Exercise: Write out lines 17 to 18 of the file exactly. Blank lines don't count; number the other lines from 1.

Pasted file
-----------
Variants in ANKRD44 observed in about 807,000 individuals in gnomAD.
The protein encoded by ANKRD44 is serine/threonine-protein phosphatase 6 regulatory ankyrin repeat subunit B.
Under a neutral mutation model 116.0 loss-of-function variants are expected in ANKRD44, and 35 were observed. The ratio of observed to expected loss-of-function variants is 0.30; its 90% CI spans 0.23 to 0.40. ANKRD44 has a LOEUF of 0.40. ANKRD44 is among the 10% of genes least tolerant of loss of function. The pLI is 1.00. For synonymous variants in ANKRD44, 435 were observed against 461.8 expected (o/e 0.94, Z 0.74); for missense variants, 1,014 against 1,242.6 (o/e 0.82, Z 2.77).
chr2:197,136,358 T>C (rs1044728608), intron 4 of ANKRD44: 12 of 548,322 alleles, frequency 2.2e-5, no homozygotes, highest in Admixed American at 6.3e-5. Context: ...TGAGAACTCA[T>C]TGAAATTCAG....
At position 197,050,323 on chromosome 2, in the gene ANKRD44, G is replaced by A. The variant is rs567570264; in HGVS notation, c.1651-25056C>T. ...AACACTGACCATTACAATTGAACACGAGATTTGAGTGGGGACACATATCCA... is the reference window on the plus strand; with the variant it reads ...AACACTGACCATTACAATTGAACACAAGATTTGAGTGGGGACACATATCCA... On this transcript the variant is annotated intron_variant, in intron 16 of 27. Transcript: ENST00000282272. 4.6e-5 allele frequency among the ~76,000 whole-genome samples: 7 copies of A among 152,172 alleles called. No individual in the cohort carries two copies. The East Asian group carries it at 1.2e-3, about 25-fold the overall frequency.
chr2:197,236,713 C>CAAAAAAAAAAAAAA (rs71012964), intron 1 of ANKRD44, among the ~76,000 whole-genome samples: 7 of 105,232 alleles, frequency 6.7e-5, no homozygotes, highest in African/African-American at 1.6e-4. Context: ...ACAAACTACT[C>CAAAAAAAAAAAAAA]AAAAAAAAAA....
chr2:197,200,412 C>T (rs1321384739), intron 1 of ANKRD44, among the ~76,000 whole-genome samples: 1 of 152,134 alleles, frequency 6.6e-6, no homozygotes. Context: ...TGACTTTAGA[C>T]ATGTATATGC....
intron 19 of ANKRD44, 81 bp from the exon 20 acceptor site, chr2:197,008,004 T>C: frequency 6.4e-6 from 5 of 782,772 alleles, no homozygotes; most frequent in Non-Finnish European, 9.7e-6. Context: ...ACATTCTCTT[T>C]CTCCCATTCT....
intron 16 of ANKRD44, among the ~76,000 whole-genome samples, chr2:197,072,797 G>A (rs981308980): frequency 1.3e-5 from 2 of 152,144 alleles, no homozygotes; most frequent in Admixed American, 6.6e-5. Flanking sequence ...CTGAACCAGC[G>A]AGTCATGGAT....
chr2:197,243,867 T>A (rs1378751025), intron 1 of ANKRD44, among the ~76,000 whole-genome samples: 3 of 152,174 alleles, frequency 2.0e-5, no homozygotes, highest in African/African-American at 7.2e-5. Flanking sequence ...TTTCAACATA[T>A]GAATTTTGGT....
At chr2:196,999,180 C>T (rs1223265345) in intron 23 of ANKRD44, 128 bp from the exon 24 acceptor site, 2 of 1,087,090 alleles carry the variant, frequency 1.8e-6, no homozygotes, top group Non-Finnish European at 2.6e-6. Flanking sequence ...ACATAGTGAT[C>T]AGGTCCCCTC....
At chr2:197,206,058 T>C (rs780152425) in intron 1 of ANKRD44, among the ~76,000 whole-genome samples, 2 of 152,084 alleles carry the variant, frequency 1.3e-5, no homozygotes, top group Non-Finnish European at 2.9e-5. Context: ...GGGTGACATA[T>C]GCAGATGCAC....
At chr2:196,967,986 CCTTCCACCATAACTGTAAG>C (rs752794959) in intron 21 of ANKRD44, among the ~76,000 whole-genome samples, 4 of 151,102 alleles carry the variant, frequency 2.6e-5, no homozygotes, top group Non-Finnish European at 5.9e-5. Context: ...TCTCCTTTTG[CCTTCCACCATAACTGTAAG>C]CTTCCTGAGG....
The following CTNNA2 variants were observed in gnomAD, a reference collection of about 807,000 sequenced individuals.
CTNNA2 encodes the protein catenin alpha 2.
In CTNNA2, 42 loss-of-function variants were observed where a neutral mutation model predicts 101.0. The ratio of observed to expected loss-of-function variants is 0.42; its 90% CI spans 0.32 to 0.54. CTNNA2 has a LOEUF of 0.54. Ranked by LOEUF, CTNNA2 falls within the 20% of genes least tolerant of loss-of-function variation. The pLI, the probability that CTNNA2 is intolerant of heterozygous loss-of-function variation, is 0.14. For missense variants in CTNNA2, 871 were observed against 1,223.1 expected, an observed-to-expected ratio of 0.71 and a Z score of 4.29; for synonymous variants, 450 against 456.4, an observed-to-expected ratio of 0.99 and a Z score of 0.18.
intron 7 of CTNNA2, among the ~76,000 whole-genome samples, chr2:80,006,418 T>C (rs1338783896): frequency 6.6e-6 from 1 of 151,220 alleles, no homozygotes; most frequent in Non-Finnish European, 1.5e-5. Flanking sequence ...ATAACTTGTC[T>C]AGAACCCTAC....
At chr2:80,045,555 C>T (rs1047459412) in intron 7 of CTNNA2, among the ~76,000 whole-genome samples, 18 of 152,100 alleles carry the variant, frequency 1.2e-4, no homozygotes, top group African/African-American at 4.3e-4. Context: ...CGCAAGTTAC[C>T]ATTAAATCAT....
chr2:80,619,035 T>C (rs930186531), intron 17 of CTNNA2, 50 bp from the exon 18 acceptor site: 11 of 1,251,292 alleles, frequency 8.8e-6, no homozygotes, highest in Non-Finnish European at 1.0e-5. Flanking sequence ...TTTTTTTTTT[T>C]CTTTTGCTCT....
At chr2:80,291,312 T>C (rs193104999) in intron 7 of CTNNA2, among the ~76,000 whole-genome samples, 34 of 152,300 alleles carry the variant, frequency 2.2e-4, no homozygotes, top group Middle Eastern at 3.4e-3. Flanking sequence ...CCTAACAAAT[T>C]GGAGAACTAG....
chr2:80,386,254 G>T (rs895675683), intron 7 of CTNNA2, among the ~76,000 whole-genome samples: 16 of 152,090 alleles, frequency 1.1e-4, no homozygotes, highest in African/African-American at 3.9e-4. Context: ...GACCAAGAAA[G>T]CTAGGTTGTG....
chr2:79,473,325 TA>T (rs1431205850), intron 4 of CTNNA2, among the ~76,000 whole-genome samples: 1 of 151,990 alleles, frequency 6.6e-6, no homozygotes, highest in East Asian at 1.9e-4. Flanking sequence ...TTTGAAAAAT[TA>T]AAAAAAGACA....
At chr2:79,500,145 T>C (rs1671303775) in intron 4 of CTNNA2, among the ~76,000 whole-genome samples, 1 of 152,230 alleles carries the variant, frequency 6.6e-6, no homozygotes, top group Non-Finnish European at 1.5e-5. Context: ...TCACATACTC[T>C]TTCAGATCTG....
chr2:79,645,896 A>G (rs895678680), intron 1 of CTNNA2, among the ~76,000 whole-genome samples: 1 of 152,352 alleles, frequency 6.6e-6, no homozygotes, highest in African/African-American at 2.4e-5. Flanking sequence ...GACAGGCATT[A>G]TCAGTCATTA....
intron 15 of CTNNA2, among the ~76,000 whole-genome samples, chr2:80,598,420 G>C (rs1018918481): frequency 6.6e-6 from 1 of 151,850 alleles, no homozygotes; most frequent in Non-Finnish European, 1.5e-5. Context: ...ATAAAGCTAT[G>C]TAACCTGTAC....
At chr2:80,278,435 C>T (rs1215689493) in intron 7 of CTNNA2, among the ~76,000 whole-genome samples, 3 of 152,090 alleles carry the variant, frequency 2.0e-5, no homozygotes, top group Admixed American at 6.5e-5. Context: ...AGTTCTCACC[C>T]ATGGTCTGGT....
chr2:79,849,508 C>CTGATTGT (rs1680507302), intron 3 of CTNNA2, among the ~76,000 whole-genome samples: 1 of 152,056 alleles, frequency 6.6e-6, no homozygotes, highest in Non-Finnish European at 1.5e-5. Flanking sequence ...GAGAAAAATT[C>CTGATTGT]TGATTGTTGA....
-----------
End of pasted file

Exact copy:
intron 7 of CTNNA2, among the ~76,000 whole-genome samples, chr2:80,006,418 T>C (rs1338783896): frequency 6.6e-6 from 1 of 151,220 alleles, no homozygotes; most frequent in Non-Finnish European, 1.5e-5. Flanking sequence ...ATAACTTGTC[T>C]AGAACCCTAC....
At chr2:80,045,555 C>T (rs1047459412) in intron 7 of CTNNA2, among the ~76,000 whole-genome samples, 18 of 152,100 alleles carry the variant, frequency 1.2e-4, no homozygotes, top group African/African-American at 4.3e-4. Context: ...CGCAAGTTAC[C>T]ATTAAATCAT....